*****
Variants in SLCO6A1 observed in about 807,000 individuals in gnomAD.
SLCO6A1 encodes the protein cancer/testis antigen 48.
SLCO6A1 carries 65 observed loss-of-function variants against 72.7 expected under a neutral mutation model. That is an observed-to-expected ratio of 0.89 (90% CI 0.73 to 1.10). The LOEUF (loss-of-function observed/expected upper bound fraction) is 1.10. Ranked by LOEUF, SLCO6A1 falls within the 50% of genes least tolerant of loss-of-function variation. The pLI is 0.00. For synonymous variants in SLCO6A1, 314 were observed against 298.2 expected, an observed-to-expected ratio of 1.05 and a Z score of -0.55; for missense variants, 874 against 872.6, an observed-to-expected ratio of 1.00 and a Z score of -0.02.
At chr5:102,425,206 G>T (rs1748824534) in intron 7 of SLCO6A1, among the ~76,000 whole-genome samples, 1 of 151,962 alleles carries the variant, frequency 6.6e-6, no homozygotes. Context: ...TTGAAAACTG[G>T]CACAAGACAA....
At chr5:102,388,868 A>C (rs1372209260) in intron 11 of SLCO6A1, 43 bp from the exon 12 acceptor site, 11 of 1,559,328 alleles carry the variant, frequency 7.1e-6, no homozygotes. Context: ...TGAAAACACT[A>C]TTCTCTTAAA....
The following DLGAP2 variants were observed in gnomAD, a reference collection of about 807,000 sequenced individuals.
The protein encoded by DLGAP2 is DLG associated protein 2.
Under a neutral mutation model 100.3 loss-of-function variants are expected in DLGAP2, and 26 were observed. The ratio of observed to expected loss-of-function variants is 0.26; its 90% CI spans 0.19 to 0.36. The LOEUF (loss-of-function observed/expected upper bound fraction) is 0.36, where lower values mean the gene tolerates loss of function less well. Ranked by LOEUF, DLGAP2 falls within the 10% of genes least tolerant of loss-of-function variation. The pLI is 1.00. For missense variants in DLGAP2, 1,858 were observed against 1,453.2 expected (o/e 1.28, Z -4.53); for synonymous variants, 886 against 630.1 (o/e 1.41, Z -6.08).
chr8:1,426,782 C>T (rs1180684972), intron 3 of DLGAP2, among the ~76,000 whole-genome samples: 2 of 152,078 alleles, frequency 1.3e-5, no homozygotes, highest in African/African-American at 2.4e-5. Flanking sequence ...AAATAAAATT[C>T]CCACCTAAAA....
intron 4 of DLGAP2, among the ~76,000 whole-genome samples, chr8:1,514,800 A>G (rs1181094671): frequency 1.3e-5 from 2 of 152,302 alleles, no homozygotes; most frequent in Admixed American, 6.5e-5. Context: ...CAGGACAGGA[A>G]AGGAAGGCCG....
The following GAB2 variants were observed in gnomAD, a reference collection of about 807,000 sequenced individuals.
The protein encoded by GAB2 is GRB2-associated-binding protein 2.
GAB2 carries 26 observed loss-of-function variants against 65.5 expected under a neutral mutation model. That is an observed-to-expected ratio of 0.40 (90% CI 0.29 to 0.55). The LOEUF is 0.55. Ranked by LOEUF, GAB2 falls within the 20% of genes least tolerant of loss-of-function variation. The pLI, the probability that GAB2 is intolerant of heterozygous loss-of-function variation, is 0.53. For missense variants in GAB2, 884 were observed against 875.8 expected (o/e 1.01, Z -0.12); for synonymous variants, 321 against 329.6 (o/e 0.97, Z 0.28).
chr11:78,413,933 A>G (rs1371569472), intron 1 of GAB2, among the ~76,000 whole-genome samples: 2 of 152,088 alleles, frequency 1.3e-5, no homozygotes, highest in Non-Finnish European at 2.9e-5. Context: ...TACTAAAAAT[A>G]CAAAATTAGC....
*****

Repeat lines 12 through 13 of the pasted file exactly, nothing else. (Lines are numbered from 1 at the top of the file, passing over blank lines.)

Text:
The protein encoded by GAB2 is GRB2-associated-binding protein 2.
GAB2 carries 26 observed loss-of-function variants against 65.5 expected under a neutral mutation model. That is an observed-to-expected ratio of 0.40 (90% CI 0.29 to 0.55). The LOEUF is 0.55. Ranked by LOEUF, GAB2 falls within the 20% of genes least tolerant of loss-of-function variation. The pLI, the probability that GAB2 is intolerant of heterozygous loss-of-function variation, is 0.53. For missense variants in GAB2, 884 were observed against 875.8 expected (o/e 1.01, Z -0.12); for synonymous variants, 321 against 329.6 (o/e 0.97, Z 0.28).